Getting 'cosmic' with Tom Franco on his art and ASU collaboration

Franco touched on his philanthropy and artistic philosophy

Tom Franco visited ASU this summer to collaborate with the ASU Ceramics Research Center and Mission Clay, producing the “Pipe Brothers” exhibition along with his brother James Franco. 

The middle Franco brother is a founder of Firehouse Art Collective, which is a space that provides studio space and housing for artists. Firehouse was founded in Berkeley, California and now has multiple locations throughout the state.

The "Pipe Brothers" show consists of several clay pipes that the Francos carved and painted. 

The studio where Tom crafted the pipes is located in Mission Clay's facility in Phoenix. Bryan Vansell, the founder of Mission Clay, which fabricates industrial piping, provides studio space to artists.

“(I) really enjoyed working with (Tom). He comes down with people who help him, a very young, energetic team,” Vansell said.

Tom has also been working with Garth Johnson, the curator of ceramics at the ASU Ceramics Research Center, throughout the stages of the exhibition. 

“I immediately sensed something that dovetails between ASU’s mission and then Tom Franco's mission, which is building community, and having the curiosity to move between different disciplines,” Johnson said.

Tom spoke about his personal philosophy on art, his experiences with ASU and what the future has in store. 

At what point in your life did art become personal for you? When did you start feeling the need to create to satisfy your own need?

I think in high school I made a deliberate decision when I was 15. I was looking for answers, and I got to a point where I was trying to avoid certain kinds of trouble — dynamics, friendships and events where I would get into trouble. I had a history of getting into trouble with them. If I’m avoiding something, then I gotta fill that space with something else, and that's where art kicked in. That's when I started carrying a journal around everyday, and so one of the the practices I did at 15 was do a drawing a day, everyday. And it was an interesting transition from drawing things that I could see into drawing things that I could imagine. And once I made the leap into imagination, that's when I stopped drawing things that I could see; that was it. 

I noticed that you and your brothers keep going back to your high school years in Palo Alto, California. Why is keeping that connection so important to you guys?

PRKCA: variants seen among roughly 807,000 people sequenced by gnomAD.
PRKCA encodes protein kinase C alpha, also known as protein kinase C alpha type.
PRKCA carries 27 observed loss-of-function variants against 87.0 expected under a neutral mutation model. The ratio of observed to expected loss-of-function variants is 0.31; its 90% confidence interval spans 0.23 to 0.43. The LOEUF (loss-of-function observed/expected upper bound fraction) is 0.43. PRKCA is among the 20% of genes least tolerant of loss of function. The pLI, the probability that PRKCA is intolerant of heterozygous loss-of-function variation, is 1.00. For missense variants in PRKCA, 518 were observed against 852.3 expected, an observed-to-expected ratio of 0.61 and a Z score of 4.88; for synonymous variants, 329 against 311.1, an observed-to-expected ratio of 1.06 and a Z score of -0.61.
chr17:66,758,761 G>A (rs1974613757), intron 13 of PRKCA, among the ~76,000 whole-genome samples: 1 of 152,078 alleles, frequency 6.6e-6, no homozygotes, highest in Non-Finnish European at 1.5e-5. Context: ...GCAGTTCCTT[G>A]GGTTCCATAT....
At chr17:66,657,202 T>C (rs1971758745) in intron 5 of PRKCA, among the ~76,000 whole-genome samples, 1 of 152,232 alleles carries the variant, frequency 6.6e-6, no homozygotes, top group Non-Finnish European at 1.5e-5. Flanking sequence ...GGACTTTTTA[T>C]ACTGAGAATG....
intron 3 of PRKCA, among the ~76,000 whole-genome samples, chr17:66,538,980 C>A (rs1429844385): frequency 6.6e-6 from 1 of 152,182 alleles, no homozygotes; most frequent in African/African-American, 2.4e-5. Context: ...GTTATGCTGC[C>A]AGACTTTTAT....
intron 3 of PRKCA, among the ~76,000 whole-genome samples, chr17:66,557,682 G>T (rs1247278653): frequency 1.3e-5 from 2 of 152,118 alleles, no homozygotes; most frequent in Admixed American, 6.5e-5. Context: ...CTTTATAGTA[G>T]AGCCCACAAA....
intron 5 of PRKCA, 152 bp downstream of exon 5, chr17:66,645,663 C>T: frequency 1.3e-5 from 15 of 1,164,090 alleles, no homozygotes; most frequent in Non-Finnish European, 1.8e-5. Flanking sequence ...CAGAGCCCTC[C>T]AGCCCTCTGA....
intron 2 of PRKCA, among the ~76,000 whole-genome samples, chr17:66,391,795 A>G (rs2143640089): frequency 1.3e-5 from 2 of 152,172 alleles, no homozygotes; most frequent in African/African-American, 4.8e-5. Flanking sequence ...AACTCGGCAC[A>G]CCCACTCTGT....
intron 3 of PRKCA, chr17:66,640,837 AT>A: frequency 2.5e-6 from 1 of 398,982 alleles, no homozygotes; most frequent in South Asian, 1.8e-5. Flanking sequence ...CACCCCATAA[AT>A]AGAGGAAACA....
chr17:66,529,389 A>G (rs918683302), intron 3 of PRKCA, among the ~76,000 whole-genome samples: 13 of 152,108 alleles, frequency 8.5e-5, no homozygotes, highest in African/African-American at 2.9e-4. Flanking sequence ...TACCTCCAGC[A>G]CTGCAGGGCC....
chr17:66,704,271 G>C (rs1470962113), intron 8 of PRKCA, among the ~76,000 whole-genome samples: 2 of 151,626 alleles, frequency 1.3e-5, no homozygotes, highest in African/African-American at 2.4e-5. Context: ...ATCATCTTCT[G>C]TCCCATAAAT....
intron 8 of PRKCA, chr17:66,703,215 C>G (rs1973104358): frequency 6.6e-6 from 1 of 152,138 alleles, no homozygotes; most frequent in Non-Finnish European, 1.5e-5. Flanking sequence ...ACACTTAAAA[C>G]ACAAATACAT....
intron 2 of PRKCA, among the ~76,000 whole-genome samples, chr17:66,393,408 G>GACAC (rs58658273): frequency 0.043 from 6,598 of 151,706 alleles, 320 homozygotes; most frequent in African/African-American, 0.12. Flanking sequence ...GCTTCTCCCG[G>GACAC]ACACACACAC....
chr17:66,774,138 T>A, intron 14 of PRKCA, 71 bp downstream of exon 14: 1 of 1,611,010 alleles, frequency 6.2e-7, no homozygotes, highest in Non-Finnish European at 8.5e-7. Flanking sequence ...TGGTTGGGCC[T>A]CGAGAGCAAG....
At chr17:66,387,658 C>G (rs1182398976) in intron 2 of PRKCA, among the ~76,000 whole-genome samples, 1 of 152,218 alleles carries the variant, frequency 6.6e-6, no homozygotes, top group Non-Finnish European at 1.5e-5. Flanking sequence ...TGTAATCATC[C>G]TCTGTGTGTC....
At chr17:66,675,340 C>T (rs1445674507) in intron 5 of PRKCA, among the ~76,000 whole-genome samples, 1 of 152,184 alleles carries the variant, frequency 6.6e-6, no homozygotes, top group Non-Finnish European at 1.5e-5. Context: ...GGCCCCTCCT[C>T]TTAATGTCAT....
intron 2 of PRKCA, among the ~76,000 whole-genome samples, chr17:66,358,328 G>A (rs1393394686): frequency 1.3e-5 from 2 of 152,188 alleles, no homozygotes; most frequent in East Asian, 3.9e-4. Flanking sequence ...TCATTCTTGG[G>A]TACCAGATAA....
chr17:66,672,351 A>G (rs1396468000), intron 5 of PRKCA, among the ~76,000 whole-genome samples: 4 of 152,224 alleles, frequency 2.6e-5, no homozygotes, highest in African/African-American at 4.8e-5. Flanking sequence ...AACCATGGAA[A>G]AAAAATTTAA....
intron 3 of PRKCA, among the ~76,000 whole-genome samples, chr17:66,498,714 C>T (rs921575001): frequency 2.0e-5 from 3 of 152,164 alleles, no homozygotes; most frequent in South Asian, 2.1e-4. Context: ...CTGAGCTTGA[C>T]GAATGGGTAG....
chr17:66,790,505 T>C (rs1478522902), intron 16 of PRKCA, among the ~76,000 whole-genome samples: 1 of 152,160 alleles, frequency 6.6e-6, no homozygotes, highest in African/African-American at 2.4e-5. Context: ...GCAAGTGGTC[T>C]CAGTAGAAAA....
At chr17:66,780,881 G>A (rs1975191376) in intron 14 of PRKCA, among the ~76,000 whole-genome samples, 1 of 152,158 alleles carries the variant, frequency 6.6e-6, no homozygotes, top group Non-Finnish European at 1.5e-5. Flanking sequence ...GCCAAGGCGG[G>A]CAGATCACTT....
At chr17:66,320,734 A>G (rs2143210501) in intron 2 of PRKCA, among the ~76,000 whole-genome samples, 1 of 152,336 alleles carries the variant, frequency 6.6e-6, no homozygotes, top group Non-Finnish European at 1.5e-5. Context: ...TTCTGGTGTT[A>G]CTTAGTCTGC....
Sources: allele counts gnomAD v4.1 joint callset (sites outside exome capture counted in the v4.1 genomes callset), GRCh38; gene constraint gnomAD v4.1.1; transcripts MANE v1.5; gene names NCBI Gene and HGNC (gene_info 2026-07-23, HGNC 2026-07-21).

I think James started that, for sure. He does a lot of art about that time in his life. It’s a returning theme: It comes out in movies, comes out in story writing, comes out in his paintings. I had similar aspirations as far as staying in touch with youth, but it didn't have to be Paly, that high school for me, because I was doing a lot of child care and it's so amazing spending time with different ages. That’s one thing I also like to bring to the communities that I live in. I wish someone grabbed me at different ages and said, “oh you gotta participate in this activity.” Re-living the different generations of being a person by hanging out with them — it’s such a revelation. I really believe in that. There's no too-lates or missed opportunities. It's all fresh in everybody's memory and body. 

Is it ever intimidating to dedicate so much time to art? Just because art can sometimes be isolating, and the business aspect adds to the pressure.

Absolutely. And I hate the idea of visual artists being isolators. It’s very strong in our group conscience that that's the case — or has to be the case — and it goes further than that. It portrays the artist much worse than being an isolator, I think. I started to experiment with other art forms that were group-oriented. So a moment that I had a big breakthrough is when I joined a dance troupe in San Francisco and we traveled around, kind of like a traveling gypsy group. It had live musicians and a lot of improv. We’d tell stories. We’d tell theatrical stories through dance and music. Completely opposite of my experience in the ceramics studio, where I was like, “I make this alone, and it better be good, and I'm comparing it to your thing that you make alone.”